By Patricia Cannistraci
“Pay it forward”: a popular term used to describe a person’s response to an act of kindness, whereby the kindness is not paid back directly, but is instead passed on to a completely different person. This is an old concept, originally stemming from an ancient Greek play. However, despite popular accusations that modern culture is too high tech, too impersonal, and has lost its moral compass, paying it forward is still very much alive. In this season of giving thanks, we should all pause a moment and think about the nurses in our lives, and how paying it forward is “just what they do.”
Most nurses give little thought to the random acts of caring they routinely bestow upon others. These acts are simply woven into the fabric of their lives. In fact, when acknowledged for this behavior, many will reply with cavalier comments along the lines of “It’s just what I do” or “it’s no big deal.” But it is a big deal.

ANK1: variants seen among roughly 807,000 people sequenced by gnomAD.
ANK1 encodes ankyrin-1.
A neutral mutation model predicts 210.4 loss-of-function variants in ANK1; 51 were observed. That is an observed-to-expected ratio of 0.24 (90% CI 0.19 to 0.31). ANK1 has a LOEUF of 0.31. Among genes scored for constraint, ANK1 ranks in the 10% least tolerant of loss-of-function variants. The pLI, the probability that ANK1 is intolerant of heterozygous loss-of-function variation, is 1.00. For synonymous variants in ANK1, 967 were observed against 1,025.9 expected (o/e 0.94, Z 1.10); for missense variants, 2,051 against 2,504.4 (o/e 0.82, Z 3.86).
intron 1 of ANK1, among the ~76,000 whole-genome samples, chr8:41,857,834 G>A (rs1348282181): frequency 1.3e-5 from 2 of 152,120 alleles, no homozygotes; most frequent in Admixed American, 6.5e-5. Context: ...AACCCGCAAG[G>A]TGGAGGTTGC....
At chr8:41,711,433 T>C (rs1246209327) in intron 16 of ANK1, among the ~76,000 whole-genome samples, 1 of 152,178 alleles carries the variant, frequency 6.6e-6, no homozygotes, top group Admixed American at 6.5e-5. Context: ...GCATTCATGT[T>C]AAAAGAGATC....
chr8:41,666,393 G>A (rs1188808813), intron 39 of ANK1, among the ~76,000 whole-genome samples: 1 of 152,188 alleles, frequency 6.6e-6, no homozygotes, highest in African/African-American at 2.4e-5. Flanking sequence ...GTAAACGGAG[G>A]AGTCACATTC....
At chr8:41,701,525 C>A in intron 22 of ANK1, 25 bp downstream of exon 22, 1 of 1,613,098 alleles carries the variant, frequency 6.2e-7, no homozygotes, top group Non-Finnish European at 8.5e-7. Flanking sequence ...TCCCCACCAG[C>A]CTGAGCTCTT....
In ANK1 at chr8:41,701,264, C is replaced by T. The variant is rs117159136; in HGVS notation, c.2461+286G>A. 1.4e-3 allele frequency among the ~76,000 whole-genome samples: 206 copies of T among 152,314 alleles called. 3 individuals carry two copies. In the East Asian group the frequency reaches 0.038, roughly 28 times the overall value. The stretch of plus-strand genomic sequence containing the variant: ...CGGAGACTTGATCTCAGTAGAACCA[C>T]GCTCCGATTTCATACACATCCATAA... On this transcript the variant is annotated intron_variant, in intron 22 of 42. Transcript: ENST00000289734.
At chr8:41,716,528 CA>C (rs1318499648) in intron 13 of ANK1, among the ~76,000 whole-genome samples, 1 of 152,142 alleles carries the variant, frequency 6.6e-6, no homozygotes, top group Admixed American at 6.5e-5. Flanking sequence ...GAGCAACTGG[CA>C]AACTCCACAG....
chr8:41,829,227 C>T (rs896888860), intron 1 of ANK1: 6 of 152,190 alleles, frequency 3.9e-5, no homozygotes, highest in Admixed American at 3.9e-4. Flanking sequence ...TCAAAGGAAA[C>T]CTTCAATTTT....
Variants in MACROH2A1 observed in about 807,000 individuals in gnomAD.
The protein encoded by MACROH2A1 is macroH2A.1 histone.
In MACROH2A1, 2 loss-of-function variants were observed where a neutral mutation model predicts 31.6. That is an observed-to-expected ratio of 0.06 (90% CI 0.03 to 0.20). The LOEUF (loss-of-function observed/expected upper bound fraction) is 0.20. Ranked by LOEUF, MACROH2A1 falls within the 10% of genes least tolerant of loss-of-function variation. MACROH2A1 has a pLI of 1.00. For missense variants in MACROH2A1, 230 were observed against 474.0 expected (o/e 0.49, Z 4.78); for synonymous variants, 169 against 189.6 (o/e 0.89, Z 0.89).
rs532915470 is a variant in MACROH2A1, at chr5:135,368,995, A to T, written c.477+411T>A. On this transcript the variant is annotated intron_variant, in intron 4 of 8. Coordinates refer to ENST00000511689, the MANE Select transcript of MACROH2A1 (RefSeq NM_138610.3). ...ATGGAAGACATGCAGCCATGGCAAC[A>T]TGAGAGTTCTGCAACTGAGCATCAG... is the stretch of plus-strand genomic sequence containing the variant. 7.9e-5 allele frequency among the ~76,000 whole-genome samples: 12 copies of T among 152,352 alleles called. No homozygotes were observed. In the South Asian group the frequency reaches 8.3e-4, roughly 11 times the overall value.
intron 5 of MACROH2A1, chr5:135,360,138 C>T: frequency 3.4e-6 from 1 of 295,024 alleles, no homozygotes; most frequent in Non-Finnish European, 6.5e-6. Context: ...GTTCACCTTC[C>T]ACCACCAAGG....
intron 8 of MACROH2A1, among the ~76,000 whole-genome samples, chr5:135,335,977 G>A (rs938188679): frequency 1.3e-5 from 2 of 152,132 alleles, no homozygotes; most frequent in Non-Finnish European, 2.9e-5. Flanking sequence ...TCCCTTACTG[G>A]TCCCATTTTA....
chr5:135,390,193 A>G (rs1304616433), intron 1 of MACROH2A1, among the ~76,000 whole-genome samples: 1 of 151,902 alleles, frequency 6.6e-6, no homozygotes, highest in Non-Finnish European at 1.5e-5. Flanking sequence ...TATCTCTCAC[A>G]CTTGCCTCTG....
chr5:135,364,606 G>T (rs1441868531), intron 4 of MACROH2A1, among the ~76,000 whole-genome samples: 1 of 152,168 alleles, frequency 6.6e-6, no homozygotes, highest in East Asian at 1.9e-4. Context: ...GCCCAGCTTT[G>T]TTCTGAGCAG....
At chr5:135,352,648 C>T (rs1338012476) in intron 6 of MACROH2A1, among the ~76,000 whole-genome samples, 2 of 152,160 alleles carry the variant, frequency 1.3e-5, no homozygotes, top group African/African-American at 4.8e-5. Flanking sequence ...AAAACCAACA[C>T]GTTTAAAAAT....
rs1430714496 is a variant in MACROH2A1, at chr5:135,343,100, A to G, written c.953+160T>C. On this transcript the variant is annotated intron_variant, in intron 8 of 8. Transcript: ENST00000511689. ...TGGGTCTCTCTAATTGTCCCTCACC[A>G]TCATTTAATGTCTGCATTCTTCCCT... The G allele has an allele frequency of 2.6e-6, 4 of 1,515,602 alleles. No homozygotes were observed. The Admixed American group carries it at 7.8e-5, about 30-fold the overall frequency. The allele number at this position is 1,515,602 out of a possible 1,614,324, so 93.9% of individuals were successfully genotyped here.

Consider the case of Kathleen Connors, a surgical nurse who stopped at a diner for breakfast on her way home from a night shift. She paid her bill, but in a random act of kindness, also picked up the tab for another couple, remarking that it was nice to see families eating together. She went home, thinking nothing of it. Unbeknownst to her, her act was repeated 46 times by other diners in the following six hours!
Thanksgiving marks the beginning of the holiday season. It consists of many traditions of gratitude and giving, congregating around the dinner table with family and friends, and enjoying the fruits of the harvest. We count our blessings. Regardless of ethnic or religious background, we are taught from an early age the utmost importance of being grateful. Enjoy this holiday in each other’s company. Acknowledge what we have: security and freedom. In a free country, gratitude is our common ground. Moreover, it makes the world go ‘round. Meister Eckhart once said, “If the only prayer you say in your life is ‘thank you,’ that would suffice.”
The School of Nursing wishes you and your loved ones a happy and healthy Thanksgiving.